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dc.contributor.authorAydemir, N.en_US
dc.contributor.authorVliegenthart, R.en_US
dc.date.accessioned2018-04-12T11:41:36Z
dc.date.available2018-04-12T11:41:36Z
dc.date.issued2016en_US
dc.identifier.issn0031-2290
dc.identifier.urihttp://hdl.handle.net/11693/37490
dc.description.abstractThis article focuses on how often and in what ways 'minority representatives' address cultural and/or religious rights and freedoms by analysing parliamentary questions between 2002 and 2012. The research first analysed to what extent, if any, Member of Parliaments of minority origin highlight minority-related issues in their parliamentary questions. Thereafter, it analysed the content of those questions in more detail. Unlike much previous research, we did not take a favourable content for granted. The idea of 'suppressive representation' was introduced to describe those cases in which 'minority representatives' were restrictive towards cultural and/or religious freedoms of 'immigrant minorities'. Representation patterns show differences across group-and individual-level identities. © 2015 The Author 2015. Published by Oxford University Press on behalf of the Hansard Society; all rights reserved.en_US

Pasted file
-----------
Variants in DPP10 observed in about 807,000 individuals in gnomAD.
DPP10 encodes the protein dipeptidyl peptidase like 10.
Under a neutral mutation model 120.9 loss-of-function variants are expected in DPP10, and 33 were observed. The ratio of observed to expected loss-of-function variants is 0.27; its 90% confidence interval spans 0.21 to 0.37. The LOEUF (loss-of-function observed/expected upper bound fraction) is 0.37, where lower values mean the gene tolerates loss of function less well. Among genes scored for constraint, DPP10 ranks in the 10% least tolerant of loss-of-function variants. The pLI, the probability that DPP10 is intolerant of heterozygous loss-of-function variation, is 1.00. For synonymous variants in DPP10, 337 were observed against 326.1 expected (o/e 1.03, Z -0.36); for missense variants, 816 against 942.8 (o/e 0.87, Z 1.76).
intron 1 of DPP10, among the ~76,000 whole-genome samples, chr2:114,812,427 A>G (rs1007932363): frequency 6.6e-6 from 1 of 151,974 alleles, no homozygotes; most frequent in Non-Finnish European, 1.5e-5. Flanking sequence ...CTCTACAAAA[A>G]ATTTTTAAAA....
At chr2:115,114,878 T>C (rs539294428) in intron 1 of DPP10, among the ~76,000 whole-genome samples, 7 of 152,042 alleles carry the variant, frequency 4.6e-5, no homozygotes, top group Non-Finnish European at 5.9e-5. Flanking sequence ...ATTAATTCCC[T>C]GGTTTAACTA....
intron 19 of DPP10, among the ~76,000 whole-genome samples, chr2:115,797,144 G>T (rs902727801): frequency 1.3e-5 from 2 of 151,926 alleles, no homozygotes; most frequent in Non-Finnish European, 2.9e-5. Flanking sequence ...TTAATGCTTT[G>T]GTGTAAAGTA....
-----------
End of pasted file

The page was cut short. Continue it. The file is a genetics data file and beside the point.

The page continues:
dc.language.isoEnglishen_US
dc.source.titleParliamentary Affairsen_US
dc.relation.isversionofhttp://dx.doi.org/10.1093/pa/gsv009en_US
dc.subjectContent analysisen_US
dc.subjectMinorityen_US
dc.subjectPolitical representationen_US
dc.subjectSupportive and suppressive representationen_US
dc.subjectThe Netherlandsen_US
dc.titleMinority representatives' in the Netherlands: supporting, silencing or suppressing?en_US
dc.typeArticleen_US
dc.departmentDepartment of Political Science and Public Administration
dc.citation.spage73en_US
dc.citation.epage92en_US
dc.citation.volumeNumber69en_US
dc.citation.issueNumber1en_US
dc.identifier.doi10.1093/pa/gsv009en_US
dc.publisherOxford University Pressen_US


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